To Boldly Go…where many others have gone before.
For a filmmaker, the US space program is the best — and worst — of subjects. Best because it is one of the greatest adventure stories in history, full of drama and pathos; worst because it has been done before…many times! You know that your work will be compared to films like “Apollo 13” and “The Right Stuff,” and those are tough acts to follow. So I approached this project with considerable trepidation: I knew that we would have to do something different and new.
The most important thing we had going for us was the fact that we could put on-screen the astronauts themselves. I felt that if we could just get across the real personalities of these remarkable men, then we would have something that no fiction film could match. So we went to a lot of trouble to persuade the astronauts to give us enough time to really get to know them and to give the interviews a bit more depth than they usually have. We were very lucky that several of them allowed us two full days. Over that time a genuine intimacy can develop, and as I hoped they would, the interviews proved revealing and sometimes profound. What I didn’t expect was that they were also really funny. Several of the astronauts could pass master in stand-up. I began to relax a bit once I realized that ours would probably be the funniest film ever made about Apollo.
Our other ace was new footage. We knew going into the project that NASA were planning to take a lot of film shot in space during the Apollo missions out from cold storage, where it had long been largely inaccessible to filmmakers, and transfer it to high-definition video. We would be the first to be able to make full use of this amazing material (which meant that we didn’t need the huge special effects budget we didn’t have).
What’s more, my producers Duncan Copp and Chris Riley had worked before with the NASA film archive at the Johnson Space Center in Houston. They were pretty confident that among its 10,000 film cans were gems that no one had seen since they were filmed back in the sixties and seventies. Sure enough, after several weeks looking at miles and miles of film, Duncan and Chris emerged with a great deal of delightful and dramatic footage never seen before: President Kennedy with a mock-up of the Command Module; the Apollo 1 crew clambering inside the spacecraft in which they would die just a few days later; engineers working on a balsa-wood model of the Lunar Module (no 3-D computer-aided design in the sixties!); Neil Armstrong ejecting from a crippled test rig just two seconds before it crashed in flames; some fabulous footage from Mission Control as the Eagle approached the Sea of Tranquillity, and much else besides. All this footage, carefully re-mastered, gives the film a visual immediacy that rivals the best drama.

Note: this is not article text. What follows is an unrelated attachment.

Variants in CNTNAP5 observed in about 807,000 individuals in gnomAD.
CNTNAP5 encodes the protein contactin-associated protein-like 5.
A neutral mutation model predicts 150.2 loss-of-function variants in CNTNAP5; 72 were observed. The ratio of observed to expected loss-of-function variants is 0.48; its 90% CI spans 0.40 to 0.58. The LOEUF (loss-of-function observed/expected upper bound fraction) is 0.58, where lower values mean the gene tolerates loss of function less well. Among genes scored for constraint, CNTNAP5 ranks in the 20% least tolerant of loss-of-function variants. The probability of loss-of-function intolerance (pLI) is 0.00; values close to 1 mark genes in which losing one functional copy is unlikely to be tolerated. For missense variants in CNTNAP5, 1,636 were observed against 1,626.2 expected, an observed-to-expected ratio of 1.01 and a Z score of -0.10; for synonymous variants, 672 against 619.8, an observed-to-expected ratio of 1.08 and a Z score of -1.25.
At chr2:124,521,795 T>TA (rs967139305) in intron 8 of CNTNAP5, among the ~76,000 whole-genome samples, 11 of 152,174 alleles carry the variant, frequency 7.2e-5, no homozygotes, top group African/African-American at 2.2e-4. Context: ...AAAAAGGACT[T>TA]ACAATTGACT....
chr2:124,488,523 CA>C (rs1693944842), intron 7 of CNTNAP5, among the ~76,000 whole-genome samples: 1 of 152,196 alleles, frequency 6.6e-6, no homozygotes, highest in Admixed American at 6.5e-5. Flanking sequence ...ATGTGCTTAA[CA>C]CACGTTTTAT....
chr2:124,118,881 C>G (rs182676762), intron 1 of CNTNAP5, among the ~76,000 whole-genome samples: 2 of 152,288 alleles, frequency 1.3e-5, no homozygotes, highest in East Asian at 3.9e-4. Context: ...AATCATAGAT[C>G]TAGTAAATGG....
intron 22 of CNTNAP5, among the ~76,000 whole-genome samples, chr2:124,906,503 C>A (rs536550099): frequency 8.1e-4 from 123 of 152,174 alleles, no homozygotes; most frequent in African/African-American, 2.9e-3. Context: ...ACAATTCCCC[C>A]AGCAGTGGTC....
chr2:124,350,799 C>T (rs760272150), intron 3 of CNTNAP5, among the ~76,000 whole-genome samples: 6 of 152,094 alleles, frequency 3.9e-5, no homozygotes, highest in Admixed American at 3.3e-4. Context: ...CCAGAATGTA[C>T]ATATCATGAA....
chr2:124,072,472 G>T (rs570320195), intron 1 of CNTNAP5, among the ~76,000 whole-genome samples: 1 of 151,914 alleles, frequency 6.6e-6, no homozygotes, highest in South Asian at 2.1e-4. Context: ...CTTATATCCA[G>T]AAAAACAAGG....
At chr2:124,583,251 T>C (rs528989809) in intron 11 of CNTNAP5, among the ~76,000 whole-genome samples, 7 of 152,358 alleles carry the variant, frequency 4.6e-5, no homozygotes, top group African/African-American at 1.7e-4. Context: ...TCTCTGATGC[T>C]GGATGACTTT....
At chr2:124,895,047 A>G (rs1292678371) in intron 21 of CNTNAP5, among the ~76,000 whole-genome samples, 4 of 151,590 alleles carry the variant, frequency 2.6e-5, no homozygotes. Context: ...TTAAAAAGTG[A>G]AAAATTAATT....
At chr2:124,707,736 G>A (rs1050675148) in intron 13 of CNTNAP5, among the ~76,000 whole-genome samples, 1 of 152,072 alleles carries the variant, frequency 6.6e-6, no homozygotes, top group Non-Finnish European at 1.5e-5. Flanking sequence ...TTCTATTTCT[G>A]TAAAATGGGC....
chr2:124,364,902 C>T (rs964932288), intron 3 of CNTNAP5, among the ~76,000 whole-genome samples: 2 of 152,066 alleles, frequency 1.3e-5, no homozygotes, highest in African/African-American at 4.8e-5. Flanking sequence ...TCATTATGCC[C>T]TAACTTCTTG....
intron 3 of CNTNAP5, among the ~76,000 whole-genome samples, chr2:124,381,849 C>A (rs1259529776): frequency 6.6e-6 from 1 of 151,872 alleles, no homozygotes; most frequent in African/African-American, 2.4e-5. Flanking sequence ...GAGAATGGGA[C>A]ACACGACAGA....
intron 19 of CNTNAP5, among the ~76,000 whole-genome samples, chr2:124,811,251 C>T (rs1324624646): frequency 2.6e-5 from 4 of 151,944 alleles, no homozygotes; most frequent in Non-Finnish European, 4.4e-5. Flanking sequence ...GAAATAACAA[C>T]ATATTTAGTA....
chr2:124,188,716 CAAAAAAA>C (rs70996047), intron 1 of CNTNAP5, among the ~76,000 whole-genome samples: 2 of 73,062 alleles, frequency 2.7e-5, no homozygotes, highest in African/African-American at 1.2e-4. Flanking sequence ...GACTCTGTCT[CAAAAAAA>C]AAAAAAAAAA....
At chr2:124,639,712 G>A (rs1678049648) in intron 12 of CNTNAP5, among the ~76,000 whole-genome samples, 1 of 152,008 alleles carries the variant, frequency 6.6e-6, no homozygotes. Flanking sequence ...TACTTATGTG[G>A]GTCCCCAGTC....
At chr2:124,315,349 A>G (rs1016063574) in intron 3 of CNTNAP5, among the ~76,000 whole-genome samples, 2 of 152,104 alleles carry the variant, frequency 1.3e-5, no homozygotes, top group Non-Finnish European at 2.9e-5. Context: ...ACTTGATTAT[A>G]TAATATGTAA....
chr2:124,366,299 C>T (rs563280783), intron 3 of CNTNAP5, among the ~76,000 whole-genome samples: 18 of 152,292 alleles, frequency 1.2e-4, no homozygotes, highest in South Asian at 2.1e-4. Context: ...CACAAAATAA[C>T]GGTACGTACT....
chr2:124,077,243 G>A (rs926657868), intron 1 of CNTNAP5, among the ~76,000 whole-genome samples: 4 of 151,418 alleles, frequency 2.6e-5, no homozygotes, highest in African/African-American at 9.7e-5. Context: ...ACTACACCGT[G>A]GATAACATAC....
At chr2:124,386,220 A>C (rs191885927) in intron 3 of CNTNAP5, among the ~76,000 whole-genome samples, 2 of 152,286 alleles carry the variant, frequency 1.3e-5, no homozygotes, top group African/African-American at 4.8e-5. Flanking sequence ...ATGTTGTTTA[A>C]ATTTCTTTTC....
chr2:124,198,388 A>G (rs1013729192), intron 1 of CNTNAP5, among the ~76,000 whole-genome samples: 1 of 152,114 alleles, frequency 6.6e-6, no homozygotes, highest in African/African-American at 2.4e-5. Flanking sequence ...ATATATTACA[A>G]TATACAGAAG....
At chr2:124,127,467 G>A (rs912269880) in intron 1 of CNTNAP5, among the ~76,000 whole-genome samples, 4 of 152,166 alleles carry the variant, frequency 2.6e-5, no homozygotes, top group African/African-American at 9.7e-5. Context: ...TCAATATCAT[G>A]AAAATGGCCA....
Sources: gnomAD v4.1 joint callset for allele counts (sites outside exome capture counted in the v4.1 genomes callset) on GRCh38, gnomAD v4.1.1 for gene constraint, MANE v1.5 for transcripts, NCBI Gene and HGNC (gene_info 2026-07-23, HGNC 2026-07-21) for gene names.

Another vital ingredient for any film is music. Our composer Philip Sheppard has written a luscious full orchestral score, based on the rhythms and harmonies of American traditional music. In other words, a soundtrack you might hear in a Western. I wanted to bring out the pioneering spirit that Apollo represented, and so I think it’s appropriate that as the astronauts lope across the lunar surface we hear a melody that could accompany a wagon train crossing the prairie. The subliminal message: these men are the real Space Cowboys.
Whether in the end our film stacks up against the dramatic competition is something for audiences to judge. I hope that if you enjoyed all those terrific feature films that manned spaceflight has inspired, you will not find 100 minutes spent “In the Shadow of the Moon” entirely wasted!